Having celebrated making the decision to move to Michigan, we now need to actually move to Michigan. That means sorting, wrapping and packing all our worldly goods. During our 42 years of marriage, Mr. Smith and I have moved more times than your average bear, but we haven’t packed ourselves for a move since before the birth of our youngest son who is now 36 and an accomplished mover in his own right.
Where does all this stuff come from??? We have downsized and edited our possessions several times over the years, donating and selling as much as possible, trying to avoid landfill contributions. I have come to believe “stuff” is sneaky. It finds its way into your home when you aren’t looking. One morning you look up from your steaming cup of coffee and wonder hey, how did I accumulate all this shit???
There are, of course, different schools of thoughts on why we have so much stuff and why it’s so hard to get rid of things. Some of the most common reasons for holding onto things are – it was expensive, it was a gift, needing to find a good home for it, or my sister’s personal favorite – I might need it SOMEDAY!!! I think she has a lot of stuff, but I imagine she will think the same about me when the moving truck starts to get unloaded.
Mr. Smith, my sister and I face a unique challenge in that we are combining two households into one happy home. We will each have some private space, but a fair amount of communal space where we will have to combine our treasures to create a décor that works for all of us. Luckily, our aesthetics are not far off.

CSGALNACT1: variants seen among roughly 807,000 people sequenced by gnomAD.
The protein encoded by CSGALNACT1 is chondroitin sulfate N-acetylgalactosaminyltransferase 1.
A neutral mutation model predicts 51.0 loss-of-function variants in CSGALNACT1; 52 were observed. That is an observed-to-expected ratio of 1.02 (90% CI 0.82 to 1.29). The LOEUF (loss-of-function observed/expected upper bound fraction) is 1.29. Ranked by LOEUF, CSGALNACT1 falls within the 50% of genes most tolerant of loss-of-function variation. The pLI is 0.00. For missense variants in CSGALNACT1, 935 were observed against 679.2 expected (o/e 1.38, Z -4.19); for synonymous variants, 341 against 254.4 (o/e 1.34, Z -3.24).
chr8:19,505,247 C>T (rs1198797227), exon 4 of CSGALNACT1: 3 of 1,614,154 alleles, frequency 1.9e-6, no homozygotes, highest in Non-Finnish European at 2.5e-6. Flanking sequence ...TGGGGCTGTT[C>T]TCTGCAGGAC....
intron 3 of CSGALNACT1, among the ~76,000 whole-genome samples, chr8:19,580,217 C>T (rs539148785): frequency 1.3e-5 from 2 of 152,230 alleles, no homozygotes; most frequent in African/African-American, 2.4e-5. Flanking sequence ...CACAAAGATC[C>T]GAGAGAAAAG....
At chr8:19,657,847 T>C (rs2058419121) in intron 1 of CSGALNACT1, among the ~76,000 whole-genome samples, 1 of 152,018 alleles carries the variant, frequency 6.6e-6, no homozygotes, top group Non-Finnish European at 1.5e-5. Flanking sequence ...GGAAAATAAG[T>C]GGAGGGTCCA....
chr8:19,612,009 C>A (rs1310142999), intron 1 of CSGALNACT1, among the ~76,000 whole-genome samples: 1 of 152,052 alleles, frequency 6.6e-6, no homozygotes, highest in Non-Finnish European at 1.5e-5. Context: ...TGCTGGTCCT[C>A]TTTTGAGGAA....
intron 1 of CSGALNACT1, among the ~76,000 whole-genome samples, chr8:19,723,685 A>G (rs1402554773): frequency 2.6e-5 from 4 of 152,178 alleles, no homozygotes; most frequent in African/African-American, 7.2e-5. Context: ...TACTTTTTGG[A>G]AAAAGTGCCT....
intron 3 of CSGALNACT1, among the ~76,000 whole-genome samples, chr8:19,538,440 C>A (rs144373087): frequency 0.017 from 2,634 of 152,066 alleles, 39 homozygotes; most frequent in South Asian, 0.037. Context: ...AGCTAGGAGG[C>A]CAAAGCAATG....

With the combined wisdom of our collective 200+ years on earth, we know there is nothing we own that is worth fighting over and are prepared to purge and compromise. That said, we also agree that each of us has a few items that are dear to us and wouldn’t easily be discarded. For instance, I can’t imagine parting with my good friend.
Apparently, we aren’t the only people thinking about how to spend our dotage. The Pandemic and its corresponding lockdown has led people to think about creating new ways to grow old. We enjoy our independence and the ability to eat, read or sleep whenever we want, but our year of isolation has reinforced the value of companionship.
Other countries are ahead of the U.S. in creating cooperative housing options for older women. Babayagas’ House in Montreuil on the east side of Paris, is a self-managed social house project created and run by a group of female senior citizens who want to keep their independence but live communally. “To live long is a good thing but to age well is better,” says 85-year-old Therese Cleric who dreamt up the project back in 1999. Eighteen years of planning and fundraising resulted in England’s Older Women’s Co-Housing made up of 26 flats. And a group of Canadian women are currently creating their own version of shared housing, calling it “Radical Rest Homes.”
Our Golden Girl version is slightly different as ours includes a Golden Boy, but the intent is largely the same. My sister will teach Mr. Smith and me to play mahjong and keep us engaged in politics and world events, enhanced by her experience of living abroad. Mr. Smith will keep our home filled with music, make us delicious dinners and revisit his gardening skills. And moi, I will plan it all!
How do you see your golden years? Statistically women outlive their spouses by six to eight years. Would you want to live alone in your 70s and 80s? Would you be happy living with one of your children or would you prefer to live with a group of fabulous women? While I hope to share many more years with Mr. Smith, this is something I think about.
C’est la vie.